Video

Video Family of American Marine Calls for Release From Iranian Prison

As the crowd of journalists covering the Iran talks swells, so too do the opportunities for media coverage.  Hoping to catch the attention of high-level diplomats, the family of American-Iranian marine Amir Hekmati is in Vienna, pleading for his release from an Iranian prison after nearly 4 years.  VOA’s Heather Murdock reports from Vienna.
Video

Video UK Holds Terror Drill as MPs Mull Tunisia Response

After pledging a tough response to last Friday’s terror attack in Tunisia, which came just days before the 10th anniversary of the bomb attacks on London’s transport network, British security services are shifting their focus to overseas counter-terror operations. VOA's Henry Ridgwell has more.
Video

Video Obama on Cuba: This is What Change Looks Like

President Barack Obama says the United States will soon reopen its embassy in Cuba for the first time since 1961, ending a half-century of isolation. VOA White House correspondent Luis Ramirez reports.
Video

Video Hate Groups Spread Influence Via Internet

Hate groups of various kinds are using the Internet for propaganda and recruitment, and a Jewish human rights organization that monitors these groups, the Simon Wiesenthal Center, says their influence is growing. The messages are different, but the calls to hatred or violence are similar. VOA's Mike O’Sullivan reports.
Video

Video US Silica Sand Mining Surge Worries Illinois Residents, Businesses

Increased domestic U.S. oil and gas production, thanks to advances known as “fracking,” has created a boom for other industries supporting that extraction. Demand for silica sand, used in fracking, could triple over the next five years. In the Midwest state of Illinois, people living near the mines are worried about how increased silica sand mining will affect their businesses and their health. VOA’s Kane Farabaugh has more in this first of a series of reports.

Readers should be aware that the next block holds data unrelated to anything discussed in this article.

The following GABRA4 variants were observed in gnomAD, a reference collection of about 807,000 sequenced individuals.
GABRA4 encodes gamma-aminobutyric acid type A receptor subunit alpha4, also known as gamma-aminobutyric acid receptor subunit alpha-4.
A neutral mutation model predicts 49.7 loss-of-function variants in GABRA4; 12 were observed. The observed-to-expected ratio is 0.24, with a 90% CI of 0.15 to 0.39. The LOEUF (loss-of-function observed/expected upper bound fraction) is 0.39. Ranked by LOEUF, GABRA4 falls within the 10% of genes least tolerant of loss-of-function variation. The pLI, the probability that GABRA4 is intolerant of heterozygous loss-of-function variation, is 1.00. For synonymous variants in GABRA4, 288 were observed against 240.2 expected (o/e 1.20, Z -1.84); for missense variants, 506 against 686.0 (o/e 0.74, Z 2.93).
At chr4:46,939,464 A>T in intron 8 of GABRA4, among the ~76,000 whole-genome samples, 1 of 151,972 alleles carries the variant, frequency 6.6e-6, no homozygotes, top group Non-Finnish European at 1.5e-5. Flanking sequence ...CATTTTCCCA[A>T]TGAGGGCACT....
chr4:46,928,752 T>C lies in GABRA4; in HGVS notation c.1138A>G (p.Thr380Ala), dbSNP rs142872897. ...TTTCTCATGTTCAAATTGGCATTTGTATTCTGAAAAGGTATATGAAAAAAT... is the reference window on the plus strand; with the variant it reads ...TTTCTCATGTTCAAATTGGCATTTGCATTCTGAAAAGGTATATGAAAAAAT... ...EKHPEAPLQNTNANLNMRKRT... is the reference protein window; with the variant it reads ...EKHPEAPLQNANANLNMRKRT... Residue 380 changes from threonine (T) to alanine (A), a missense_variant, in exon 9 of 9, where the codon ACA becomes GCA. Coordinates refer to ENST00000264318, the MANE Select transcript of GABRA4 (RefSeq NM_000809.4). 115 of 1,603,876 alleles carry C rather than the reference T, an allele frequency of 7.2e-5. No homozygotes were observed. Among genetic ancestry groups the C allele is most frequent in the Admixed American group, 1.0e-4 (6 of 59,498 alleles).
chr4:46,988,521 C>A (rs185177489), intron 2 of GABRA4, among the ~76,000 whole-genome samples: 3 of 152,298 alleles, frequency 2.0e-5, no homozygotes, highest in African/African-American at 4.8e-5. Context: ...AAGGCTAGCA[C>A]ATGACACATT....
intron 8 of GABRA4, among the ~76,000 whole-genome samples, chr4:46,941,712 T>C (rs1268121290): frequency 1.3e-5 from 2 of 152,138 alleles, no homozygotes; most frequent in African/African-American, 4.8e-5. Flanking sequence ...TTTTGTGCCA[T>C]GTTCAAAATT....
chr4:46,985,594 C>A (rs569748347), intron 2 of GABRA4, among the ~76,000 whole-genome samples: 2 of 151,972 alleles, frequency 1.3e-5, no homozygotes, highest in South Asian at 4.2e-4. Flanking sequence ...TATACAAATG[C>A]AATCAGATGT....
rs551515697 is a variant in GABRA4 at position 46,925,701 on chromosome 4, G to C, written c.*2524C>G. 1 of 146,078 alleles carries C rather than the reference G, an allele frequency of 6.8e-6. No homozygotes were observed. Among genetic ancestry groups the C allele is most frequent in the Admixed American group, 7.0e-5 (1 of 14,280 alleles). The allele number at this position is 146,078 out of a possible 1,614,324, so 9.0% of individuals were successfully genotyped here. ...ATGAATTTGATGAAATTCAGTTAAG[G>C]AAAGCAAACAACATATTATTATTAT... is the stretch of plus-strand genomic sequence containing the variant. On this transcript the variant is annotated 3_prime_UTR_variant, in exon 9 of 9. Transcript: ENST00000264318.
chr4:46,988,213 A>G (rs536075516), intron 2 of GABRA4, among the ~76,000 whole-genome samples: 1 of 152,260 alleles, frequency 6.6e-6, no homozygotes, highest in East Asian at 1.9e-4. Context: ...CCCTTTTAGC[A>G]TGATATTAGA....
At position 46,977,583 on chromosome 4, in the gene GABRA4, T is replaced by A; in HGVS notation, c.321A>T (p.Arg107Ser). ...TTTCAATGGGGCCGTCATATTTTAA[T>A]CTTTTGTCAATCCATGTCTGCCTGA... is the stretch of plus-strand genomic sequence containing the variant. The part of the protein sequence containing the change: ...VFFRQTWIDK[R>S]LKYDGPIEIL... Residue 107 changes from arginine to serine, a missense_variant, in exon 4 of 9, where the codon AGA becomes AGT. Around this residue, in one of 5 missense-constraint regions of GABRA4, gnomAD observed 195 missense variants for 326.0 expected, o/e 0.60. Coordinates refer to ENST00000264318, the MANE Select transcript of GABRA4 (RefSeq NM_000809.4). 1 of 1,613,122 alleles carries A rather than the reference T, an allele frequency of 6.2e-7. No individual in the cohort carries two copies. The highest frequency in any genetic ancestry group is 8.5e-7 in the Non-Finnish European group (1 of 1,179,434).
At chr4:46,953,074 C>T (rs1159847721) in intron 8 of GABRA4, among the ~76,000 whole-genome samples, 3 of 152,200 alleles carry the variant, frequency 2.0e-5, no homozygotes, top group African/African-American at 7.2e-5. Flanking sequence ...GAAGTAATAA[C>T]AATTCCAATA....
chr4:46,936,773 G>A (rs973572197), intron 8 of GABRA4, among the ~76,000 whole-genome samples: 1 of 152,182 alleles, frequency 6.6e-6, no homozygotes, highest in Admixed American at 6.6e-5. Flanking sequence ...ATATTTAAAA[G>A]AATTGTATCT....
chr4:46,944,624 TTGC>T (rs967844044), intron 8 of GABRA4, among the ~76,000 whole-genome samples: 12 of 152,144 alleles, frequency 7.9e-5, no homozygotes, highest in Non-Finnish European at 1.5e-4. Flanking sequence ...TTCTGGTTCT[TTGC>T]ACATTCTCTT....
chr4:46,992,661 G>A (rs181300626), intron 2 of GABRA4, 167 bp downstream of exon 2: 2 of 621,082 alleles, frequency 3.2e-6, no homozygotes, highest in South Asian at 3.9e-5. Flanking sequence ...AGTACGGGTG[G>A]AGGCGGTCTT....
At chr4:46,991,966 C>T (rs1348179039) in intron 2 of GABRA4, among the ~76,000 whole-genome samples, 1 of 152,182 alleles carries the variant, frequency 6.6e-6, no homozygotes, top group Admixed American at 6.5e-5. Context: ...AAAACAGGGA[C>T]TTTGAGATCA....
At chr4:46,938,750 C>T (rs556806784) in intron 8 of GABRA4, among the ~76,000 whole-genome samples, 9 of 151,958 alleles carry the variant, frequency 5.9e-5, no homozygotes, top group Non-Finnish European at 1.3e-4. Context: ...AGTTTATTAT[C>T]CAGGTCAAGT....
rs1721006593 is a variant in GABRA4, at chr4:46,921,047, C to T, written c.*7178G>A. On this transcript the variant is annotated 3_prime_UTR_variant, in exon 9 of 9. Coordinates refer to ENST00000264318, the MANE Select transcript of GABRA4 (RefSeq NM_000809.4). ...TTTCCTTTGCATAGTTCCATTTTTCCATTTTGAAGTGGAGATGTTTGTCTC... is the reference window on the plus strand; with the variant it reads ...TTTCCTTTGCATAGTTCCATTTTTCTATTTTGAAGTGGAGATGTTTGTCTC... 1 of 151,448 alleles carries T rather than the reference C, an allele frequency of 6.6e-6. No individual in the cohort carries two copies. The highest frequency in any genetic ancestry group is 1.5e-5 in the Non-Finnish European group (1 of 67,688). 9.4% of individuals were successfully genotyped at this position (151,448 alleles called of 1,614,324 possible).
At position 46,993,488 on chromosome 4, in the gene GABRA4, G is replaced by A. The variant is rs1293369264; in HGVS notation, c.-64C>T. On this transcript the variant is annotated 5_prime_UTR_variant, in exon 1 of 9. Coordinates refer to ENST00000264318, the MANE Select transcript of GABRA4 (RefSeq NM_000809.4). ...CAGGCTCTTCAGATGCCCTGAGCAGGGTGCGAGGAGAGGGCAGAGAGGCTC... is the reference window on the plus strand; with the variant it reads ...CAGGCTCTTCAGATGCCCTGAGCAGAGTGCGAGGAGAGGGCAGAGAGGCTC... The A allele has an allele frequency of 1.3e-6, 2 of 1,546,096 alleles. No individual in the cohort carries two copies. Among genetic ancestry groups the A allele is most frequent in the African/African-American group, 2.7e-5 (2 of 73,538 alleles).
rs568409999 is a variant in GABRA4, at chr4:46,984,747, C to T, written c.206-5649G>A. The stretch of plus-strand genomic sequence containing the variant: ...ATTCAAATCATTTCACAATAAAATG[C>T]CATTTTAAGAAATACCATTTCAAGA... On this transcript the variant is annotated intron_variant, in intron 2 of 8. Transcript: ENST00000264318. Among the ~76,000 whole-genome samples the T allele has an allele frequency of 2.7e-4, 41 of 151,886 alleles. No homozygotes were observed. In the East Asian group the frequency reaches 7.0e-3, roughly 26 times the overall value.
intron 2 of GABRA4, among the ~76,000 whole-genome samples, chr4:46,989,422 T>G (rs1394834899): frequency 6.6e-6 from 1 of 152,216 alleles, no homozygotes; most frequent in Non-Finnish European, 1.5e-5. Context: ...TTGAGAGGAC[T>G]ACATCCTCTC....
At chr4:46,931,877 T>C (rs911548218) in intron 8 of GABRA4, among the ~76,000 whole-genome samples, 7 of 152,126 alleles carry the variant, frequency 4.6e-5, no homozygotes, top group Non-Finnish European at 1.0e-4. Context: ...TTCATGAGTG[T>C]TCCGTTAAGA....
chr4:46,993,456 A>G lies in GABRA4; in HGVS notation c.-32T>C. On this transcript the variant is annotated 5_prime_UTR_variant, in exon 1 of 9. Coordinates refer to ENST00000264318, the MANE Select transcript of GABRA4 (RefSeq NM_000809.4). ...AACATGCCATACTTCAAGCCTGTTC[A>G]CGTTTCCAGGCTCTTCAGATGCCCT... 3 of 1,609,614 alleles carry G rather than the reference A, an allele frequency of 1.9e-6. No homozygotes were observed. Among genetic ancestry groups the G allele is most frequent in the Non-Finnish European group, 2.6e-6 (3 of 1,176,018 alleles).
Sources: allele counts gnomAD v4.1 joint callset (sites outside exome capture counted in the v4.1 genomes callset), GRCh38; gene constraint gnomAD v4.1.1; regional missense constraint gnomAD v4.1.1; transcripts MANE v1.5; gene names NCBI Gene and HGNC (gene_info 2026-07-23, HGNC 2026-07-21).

Video

Video Blind Somali Journalist Defies Odds in Mogadishu

Despite improving security in the last few years, Somalia remains one of the most dangerous countries to be a journalist – even more so for someone who cannot see. Abdulaziz Billow has the story of journalist Abdifatah Hassan Kalgacal, who has been reporting from the Somali capital for the last decade despite being blind.
Video

Video Texas Defies Same-Sex Marriage Ruling

Texas state officials have criticized the US Supreme Court decision giving same-sex couples the right to marry nationwide. The attorney general of Texas says last week's decision did not overrule constitutional "rights of religious liberty," and therefore officials performing wedding services can refuse to perform them for same-sex couples if it is against their religious beliefs. Zlatica Hoke reports on the controversy.
Video

Video Rabbi Hits Road to Heal Jewish-Muslim Relations in France

France is on high alert after last week's terrorist attack near the city Lyon, just six months after deadly Paris shootings. The attack have added new tensions to relations between French Jews and Muslims. France’s Jewish and Muslim communities also share a common heritage, though, and as far as one French rabbi is concerned, they are destined to be friends. From the Paris suburb of La Courneuve, Lisa Bryant reports about Rabbi Michel Serfaty and his friendship bus.
Video

Video Saudi Leaks Expose ‘Checkbook Diplomacy’ In Battle With Iran

Saudi Arabia’s willingness to wield its oil money on the global diplomatic stage appears to have been laid bare, after the website WikiLeaks published tens of thousands of leaked cables from Riyadh’s Ministry of Foreign Affairs. VOA's Henry Ridgwell reports.
Video

Video In Kenya, Police Said to Shoot First, Ask Questions Later

An organization that documents torture and extrajudicial killings says Kenyan police were responsible for 1,252 shooting deaths in five cities, including Nairobi, between 2009 and 2014, representing 67 percent of all gun deaths in the areas reviewed. Gabe Joselow has more from Nairobi.

VOA Blogs